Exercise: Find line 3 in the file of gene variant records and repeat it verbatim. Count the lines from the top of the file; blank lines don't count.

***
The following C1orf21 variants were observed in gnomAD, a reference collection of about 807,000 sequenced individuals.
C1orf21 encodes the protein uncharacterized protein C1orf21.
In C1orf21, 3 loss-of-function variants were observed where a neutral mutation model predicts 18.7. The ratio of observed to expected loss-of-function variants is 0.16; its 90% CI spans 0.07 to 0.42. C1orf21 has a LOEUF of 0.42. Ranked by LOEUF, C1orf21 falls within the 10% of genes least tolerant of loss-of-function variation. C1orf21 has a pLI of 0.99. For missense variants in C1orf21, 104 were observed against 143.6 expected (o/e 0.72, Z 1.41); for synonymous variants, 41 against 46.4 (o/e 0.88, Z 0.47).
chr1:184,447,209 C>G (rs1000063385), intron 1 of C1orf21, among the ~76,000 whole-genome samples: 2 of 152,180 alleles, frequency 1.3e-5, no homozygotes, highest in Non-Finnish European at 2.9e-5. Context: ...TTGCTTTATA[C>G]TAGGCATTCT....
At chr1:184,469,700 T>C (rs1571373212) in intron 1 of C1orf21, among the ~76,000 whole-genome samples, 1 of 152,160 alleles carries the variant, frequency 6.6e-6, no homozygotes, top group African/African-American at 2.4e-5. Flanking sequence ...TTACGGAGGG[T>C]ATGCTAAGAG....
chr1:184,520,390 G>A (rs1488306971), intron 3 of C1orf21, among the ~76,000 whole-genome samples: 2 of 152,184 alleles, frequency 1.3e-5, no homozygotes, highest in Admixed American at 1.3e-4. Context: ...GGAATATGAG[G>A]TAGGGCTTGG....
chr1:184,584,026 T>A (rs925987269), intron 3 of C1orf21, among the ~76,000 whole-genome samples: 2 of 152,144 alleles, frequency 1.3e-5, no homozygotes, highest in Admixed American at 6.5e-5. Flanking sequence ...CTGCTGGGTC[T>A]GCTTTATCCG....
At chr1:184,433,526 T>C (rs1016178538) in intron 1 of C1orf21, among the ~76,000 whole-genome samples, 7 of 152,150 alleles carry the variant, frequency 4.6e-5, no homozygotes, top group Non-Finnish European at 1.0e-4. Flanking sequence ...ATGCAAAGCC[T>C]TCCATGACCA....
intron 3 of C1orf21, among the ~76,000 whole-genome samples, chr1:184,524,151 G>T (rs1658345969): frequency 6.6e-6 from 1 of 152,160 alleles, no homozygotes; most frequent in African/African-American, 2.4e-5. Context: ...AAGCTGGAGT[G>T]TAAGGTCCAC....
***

In C1orf21, 3 loss-of-function variants were observed where a neutral mutation model predicts 18.7. The ratio of observed to expected loss-of-function variants is 0.16; its 90% CI spans 0.07 to 0.42. C1orf21 has a LOEUF of 0.42. Ranked by LOEUF, C1orf21 falls within the 10% of genes least tolerant of loss-of-function variation. C1orf21 has a pLI of 0.99. For missense variants in C1orf21, 104 were observed against 143.6 expected (o/e 0.72, Z 1.41); for synonymous variants, 41 against 46.4 (o/e 0.88, Z 0.47).